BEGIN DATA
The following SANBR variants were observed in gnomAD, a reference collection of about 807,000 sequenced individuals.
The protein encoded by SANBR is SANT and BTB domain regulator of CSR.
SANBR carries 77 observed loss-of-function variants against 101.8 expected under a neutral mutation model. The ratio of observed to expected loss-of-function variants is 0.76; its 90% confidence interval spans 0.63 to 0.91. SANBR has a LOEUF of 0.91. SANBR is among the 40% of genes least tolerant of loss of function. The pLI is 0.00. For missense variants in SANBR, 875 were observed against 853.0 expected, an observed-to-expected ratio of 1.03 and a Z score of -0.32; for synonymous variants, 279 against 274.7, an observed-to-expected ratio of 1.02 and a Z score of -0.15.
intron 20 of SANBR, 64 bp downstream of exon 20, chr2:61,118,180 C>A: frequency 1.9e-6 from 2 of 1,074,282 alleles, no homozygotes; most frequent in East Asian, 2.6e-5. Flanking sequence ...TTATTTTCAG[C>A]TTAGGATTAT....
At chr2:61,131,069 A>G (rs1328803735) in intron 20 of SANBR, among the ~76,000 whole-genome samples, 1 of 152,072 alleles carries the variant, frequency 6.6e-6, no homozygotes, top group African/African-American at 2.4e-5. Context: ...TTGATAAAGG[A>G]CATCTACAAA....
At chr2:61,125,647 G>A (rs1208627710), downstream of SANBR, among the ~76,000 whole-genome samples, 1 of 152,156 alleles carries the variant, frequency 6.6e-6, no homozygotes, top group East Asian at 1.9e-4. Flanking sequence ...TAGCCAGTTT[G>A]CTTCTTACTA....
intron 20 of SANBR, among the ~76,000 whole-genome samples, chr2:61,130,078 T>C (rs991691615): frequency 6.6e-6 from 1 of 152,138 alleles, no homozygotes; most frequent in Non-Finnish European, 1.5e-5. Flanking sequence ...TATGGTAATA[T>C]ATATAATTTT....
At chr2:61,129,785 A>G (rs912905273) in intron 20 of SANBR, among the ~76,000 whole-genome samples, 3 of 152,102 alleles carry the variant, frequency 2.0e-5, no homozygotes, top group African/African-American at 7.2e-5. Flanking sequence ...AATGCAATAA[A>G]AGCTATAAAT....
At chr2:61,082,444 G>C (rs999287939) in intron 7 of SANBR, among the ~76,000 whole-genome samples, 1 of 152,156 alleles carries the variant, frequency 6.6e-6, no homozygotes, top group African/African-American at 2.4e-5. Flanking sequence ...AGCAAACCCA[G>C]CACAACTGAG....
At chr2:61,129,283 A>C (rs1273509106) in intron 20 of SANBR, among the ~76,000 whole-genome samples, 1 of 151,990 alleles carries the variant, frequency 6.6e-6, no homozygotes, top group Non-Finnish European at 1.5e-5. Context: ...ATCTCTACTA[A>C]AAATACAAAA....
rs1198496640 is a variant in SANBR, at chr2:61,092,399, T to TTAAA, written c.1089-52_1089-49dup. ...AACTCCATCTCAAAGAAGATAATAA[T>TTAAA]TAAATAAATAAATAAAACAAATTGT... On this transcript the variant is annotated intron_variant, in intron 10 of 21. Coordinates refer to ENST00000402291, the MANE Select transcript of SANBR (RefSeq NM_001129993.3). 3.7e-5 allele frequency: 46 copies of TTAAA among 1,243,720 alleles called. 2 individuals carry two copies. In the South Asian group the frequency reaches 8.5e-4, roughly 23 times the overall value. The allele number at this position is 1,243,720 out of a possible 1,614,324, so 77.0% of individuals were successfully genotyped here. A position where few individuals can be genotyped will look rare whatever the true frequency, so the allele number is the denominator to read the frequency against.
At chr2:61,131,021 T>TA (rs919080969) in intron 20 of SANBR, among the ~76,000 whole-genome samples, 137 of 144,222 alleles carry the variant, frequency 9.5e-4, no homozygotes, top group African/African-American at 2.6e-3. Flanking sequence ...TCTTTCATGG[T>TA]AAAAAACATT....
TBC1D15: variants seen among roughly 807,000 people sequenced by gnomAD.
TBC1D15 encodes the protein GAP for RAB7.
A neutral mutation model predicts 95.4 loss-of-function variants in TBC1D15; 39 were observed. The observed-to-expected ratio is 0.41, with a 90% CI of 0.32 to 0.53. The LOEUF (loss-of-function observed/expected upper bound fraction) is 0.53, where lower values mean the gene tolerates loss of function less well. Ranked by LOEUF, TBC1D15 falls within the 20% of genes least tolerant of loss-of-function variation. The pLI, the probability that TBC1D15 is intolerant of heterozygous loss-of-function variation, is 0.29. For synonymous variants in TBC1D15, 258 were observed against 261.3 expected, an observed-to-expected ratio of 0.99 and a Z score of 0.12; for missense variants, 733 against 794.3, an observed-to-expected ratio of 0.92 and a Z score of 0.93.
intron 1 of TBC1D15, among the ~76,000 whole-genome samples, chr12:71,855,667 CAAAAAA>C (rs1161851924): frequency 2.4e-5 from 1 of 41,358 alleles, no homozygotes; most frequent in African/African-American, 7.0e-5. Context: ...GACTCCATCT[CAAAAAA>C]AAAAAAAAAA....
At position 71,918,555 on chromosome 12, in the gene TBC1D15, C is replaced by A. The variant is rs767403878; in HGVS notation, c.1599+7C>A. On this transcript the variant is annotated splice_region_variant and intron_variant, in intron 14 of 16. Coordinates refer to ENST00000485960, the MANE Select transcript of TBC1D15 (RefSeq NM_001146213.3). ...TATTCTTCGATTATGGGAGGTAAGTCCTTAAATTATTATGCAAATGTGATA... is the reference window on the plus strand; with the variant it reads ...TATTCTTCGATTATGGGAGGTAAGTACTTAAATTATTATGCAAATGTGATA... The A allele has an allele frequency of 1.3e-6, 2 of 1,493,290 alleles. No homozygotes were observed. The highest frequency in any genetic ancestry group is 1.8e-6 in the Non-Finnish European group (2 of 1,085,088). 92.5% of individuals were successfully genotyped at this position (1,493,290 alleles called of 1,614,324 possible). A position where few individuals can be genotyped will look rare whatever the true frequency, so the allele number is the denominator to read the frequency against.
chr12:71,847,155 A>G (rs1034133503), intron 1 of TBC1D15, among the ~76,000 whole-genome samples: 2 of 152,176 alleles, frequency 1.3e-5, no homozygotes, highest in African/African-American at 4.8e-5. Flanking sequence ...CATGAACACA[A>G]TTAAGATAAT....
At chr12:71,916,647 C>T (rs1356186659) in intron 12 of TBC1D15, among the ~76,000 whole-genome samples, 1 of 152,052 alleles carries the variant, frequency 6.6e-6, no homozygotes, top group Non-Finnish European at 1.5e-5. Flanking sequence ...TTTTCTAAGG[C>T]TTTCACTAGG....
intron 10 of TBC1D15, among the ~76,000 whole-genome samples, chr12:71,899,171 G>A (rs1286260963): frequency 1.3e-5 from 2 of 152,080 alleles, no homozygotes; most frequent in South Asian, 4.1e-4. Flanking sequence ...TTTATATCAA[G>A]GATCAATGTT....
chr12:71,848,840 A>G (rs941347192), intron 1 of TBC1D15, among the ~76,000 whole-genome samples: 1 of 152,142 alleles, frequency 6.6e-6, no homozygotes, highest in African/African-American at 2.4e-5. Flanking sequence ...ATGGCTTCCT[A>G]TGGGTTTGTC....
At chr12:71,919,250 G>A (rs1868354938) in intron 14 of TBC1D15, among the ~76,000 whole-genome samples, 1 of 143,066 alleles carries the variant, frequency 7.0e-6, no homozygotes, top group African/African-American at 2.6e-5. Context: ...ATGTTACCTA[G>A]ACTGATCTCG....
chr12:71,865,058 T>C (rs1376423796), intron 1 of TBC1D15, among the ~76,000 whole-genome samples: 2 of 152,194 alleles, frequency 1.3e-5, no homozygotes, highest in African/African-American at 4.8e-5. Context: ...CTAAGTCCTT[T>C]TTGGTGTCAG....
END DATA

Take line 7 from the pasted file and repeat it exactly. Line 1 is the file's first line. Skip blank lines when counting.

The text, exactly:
intron 20 of SANBR, among the ~76,000 whole-genome samples, chr2:61,130,078 T>C (rs991691615): frequency 6.6e-6 from 1 of 152,138 alleles, no homozygotes; most frequent in Non-Finnish European, 1.5e-5. Flanking sequence ...TATGGTAATA[T>C]ATATAATTTT....